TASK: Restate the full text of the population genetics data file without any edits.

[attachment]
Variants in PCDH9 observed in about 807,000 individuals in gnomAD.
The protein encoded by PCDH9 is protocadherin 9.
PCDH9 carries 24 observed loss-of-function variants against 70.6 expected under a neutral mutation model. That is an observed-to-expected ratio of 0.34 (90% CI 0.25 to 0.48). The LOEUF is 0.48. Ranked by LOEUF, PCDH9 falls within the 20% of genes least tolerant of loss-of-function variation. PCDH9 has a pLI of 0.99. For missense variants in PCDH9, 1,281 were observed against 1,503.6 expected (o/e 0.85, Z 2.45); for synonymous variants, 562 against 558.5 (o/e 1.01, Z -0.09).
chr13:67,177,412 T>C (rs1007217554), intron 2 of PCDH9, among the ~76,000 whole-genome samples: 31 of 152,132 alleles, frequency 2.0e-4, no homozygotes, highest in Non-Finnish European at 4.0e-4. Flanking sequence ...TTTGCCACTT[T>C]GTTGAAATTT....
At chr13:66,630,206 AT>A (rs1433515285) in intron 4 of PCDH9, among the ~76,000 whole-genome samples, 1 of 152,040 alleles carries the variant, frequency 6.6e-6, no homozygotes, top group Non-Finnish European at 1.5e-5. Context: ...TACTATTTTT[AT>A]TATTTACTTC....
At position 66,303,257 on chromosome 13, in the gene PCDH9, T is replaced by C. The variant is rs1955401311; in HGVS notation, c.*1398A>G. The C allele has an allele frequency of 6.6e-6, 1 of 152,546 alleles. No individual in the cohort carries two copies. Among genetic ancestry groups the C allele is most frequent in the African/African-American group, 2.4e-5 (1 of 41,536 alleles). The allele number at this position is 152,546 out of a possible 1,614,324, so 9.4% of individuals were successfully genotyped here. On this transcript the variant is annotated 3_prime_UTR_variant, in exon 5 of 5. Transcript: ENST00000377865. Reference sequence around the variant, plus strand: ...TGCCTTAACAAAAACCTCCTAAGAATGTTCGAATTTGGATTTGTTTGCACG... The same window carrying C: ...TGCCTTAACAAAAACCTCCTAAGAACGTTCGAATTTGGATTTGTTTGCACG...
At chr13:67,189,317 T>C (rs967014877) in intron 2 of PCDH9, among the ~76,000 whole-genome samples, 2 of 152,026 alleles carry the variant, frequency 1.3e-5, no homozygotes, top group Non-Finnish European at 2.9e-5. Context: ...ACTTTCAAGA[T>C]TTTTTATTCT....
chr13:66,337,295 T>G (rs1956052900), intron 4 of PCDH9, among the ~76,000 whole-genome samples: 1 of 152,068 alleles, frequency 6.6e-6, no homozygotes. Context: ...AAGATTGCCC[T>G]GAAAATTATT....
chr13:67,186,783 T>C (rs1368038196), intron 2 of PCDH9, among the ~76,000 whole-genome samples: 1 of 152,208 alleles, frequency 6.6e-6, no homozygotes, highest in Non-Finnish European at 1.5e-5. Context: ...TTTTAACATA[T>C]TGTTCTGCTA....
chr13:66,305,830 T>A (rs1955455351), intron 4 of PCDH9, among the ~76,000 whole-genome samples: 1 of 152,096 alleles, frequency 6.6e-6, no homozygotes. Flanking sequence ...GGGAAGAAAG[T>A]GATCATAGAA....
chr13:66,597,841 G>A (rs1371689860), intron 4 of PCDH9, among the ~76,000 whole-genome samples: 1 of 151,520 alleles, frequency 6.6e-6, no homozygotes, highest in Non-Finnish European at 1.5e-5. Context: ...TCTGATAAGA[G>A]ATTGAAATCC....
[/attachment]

Variants in PCDH9 observed in about 807,000 individuals in gnomAD.
The protein encoded by PCDH9 is protocadherin 9.
PCDH9 carries 24 observed loss-of-function variants against 70.6 expected under a neutral mutation model. That is an observed-to-expected ratio of 0.34 (90% CI 0.25 to 0.48). The LOEUF is 0.48. Ranked by LOEUF, PCDH9 falls within the 20% of genes least tolerant of loss-of-function variation. PCDH9 has a pLI of 0.99. For missense variants in PCDH9, 1,281 were observed against 1,503.6 expected (o/e 0.85, Z 2.45); for synonymous variants, 562 against 558.5 (o/e 1.01, Z -0.09).
chr13:67,177,412 T>C (rs1007217554), intron 2 of PCDH9, among the ~76,000 whole-genome samples: 31 of 152,132 alleles, frequency 2.0e-4, no homozygotes, highest in Non-Finnish European at 4.0e-4. Flanking sequence ...TTTGCCACTT[T>C]GTTGAAATTT....
At chr13:66,630,206 AT>A (rs1433515285) in intron 4 of PCDH9, among the ~76,000 whole-genome samples, 1 of 152,040 alleles carries the variant, frequency 6.6e-6, no homozygotes, top group Non-Finnish European at 1.5e-5. Context: ...TACTATTTTT[AT>A]TATTTACTTC....
At position 66,303,257 on chromosome 13, in the gene PCDH9, T is replaced by C. The variant is rs1955401311; in HGVS notation, c.*1398A>G. The C allele has an allele frequency of 6.6e-6, 1 of 152,546 alleles. No individual in the cohort carries two copies. Among genetic ancestry groups the C allele is most frequent in the African/African-American group, 2.4e-5 (1 of 41,536 alleles). The allele number at this position is 152,546 out of a possible 1,614,324, so 9.4% of individuals were successfully genotyped here. On this transcript the variant is annotated 3_prime_UTR_variant, in exon 5 of 5. Transcript: ENST00000377865. Reference sequence around the variant, plus strand: ...TGCCTTAACAAAAACCTCCTAAGAATGTTCGAATTTGGATTTGTTTGCACG... The same window carrying C: ...TGCCTTAACAAAAACCTCCTAAGAACGTTCGAATTTGGATTTGTTTGCACG...
At chr13:67,189,317 T>C (rs967014877) in intron 2 of PCDH9, among the ~76,000 whole-genome samples, 2 of 152,026 alleles carry the variant, frequency 1.3e-5, no homozygotes, top group Non-Finnish European at 2.9e-5. Context: ...ACTTTCAAGA[T>C]TTTTTATTCT....
chr13:66,337,295 T>G (rs1956052900), intron 4 of PCDH9, among the ~76,000 whole-genome samples: 1 of 152,068 alleles, frequency 6.6e-6, no homozygotes. Context: ...AAGATTGCCC[T>G]GAAAATTATT....
chr13:67,186,783 T>C (rs1368038196), intron 2 of PCDH9, among the ~76,000 whole-genome samples: 1 of 152,208 alleles, frequency 6.6e-6, no homozygotes, highest in Non-Finnish European at 1.5e-5. Context: ...TTTTAACATA[T>C]TGTTCTGCTA....
chr13:66,305,830 T>A (rs1955455351), intron 4 of PCDH9, among the ~76,000 whole-genome samples: 1 of 152,096 alleles, frequency 6.6e-6, no homozygotes. Flanking sequence ...GGGAAGAAAG[T>A]GATCATAGAA....
chr13:66,597,841 G>A (rs1371689860), intron 4 of PCDH9, among the ~76,000 whole-genome samples: 1 of 151,520 alleles, frequency 6.6e-6, no homozygotes, highest in Non-Finnish European at 1.5e-5. Context: ...TCTGATAAGA[G>A]ATTGAAATCC....